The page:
Written, produced, filmed, directed and narrated by Charles and Ray Eames in 1957, The Information Machine: Creative Man and the Data Processor was the first film The Eames Office made for IBM. It was commissioned by IBM's then consultant director of design Eliot Noyes for screening at the IBM pavilion at the 1958 Brussels World Fair. [caption id="attachment_90" align="alignnone" width="443"] IBM Pavilion - Brussels World Fair (1958)[/caption]
Noyes, an accomplished architect and designer in his own right, had been instrumental in promoting Eames' earliest furniture work while serving as curator of MoMA's industrial design collection from 1939 - 1946. In fact, Charles Eames and Eero Saarinen won the MoMA Organic Design Competition in 1940, sparking the meteoric rise of their careers.
The Information Machine is a 10-minute (mostly) animated film detailing the need for and use of computers as decision making tools. Consistent with all of Eames' work, The Information Machine presents its subject in a deeply humanistic light, leaving the viewer with the impression that computers are a natural product of human ingenuity and ultimately useful in society. It is, therefore, a wonderfully effective piece of corporate communication that promotes the computer as an accessible piece of technology that empowers man to make better decisions. Apple anyone?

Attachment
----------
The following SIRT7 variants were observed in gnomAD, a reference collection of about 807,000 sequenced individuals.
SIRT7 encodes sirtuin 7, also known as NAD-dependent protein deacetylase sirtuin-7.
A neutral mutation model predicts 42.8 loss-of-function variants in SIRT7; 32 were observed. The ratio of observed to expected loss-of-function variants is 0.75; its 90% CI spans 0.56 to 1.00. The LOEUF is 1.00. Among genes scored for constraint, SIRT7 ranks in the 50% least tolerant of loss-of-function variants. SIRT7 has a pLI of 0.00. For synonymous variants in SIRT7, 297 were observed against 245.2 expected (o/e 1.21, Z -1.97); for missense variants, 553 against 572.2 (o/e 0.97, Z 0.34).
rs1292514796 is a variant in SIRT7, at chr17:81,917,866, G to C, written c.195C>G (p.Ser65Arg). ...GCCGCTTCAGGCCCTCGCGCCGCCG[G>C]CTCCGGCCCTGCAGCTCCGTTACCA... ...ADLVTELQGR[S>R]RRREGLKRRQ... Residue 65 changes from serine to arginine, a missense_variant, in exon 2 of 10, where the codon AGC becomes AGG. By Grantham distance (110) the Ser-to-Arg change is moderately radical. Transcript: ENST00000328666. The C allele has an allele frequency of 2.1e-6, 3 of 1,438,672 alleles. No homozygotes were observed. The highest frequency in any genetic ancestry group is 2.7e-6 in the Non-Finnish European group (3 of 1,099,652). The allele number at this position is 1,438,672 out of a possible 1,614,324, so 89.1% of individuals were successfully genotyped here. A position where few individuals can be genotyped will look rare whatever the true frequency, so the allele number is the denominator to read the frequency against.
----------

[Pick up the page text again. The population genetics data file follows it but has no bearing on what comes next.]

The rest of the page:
[caption id="attachment_92" align="alignnone" width="449"] Still 1: The Information Machine (1958)[/caption]
This was the first of many projects that The Eames Office completed for IBM in a symbiotic relationship that spanned more than 20 years and greatly advanced the popularization of science, math, design and computing in the United States.